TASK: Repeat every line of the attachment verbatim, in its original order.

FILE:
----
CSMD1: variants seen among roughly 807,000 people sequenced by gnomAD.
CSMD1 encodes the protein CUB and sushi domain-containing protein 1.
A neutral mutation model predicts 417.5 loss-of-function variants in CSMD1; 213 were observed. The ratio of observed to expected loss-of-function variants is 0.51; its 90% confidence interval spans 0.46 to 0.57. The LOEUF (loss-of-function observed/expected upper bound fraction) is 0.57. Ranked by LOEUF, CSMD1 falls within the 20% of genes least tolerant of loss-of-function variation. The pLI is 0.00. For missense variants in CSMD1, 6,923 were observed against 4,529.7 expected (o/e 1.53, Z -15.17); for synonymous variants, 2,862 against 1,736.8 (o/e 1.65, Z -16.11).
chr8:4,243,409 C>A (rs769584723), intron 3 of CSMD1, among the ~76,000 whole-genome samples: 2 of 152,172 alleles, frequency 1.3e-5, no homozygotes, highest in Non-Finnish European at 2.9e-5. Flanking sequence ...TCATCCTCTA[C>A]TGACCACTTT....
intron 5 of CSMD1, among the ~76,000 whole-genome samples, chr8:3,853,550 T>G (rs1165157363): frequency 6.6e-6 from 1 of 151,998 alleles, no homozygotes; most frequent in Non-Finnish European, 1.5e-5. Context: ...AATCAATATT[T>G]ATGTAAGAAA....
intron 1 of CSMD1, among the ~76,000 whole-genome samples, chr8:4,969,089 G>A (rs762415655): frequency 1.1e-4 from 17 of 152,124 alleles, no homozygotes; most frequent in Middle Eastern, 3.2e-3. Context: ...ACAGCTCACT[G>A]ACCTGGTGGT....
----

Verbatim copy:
CSMD1: variants seen among roughly 807,000 people sequenced by gnomAD.
CSMD1 encodes the protein CUB and sushi domain-containing protein 1.
A neutral mutation model predicts 417.5 loss-of-function variants in CSMD1; 213 were observed. The ratio of observed to expected loss-of-function variants is 0.51; its 90% confidence interval spans 0.46 to 0.57. The LOEUF (loss-of-function observed/expected upper bound fraction) is 0.57. Ranked by LOEUF, CSMD1 falls within the 20% of genes least tolerant of loss-of-function variation. The pLI is 0.00. For missense variants in CSMD1, 6,923 were observed against 4,529.7 expected (o/e 1.53, Z -15.17); for synonymous variants, 2,862 against 1,736.8 (o/e 1.65, Z -16.11).
chr8:4,243,409 C>A (rs769584723), intron 3 of CSMD1, among the ~76,000 whole-genome samples: 2 of 152,172 alleles, frequency 1.3e-5, no homozygotes, highest in Non-Finnish European at 2.9e-5. Flanking sequence ...TCATCCTCTA[C>A]TGACCACTTT....
intron 5 of CSMD1, among the ~76,000 whole-genome samples, chr8:3,853,550 T>G (rs1165157363): frequency 6.6e-6 from 1 of 151,998 alleles, no homozygotes; most frequent in Non-Finnish European, 1.5e-5. Context: ...AATCAATATT[T>G]ATGTAAGAAA....
intron 1 of CSMD1, among the ~76,000 whole-genome samples, chr8:4,969,089 G>A (rs762415655): frequency 1.1e-4 from 17 of 152,124 alleles, no homozygotes; most frequent in Middle Eastern, 3.2e-3. Context: ...ACAGCTCACT[G>A]ACCTGGTGGT....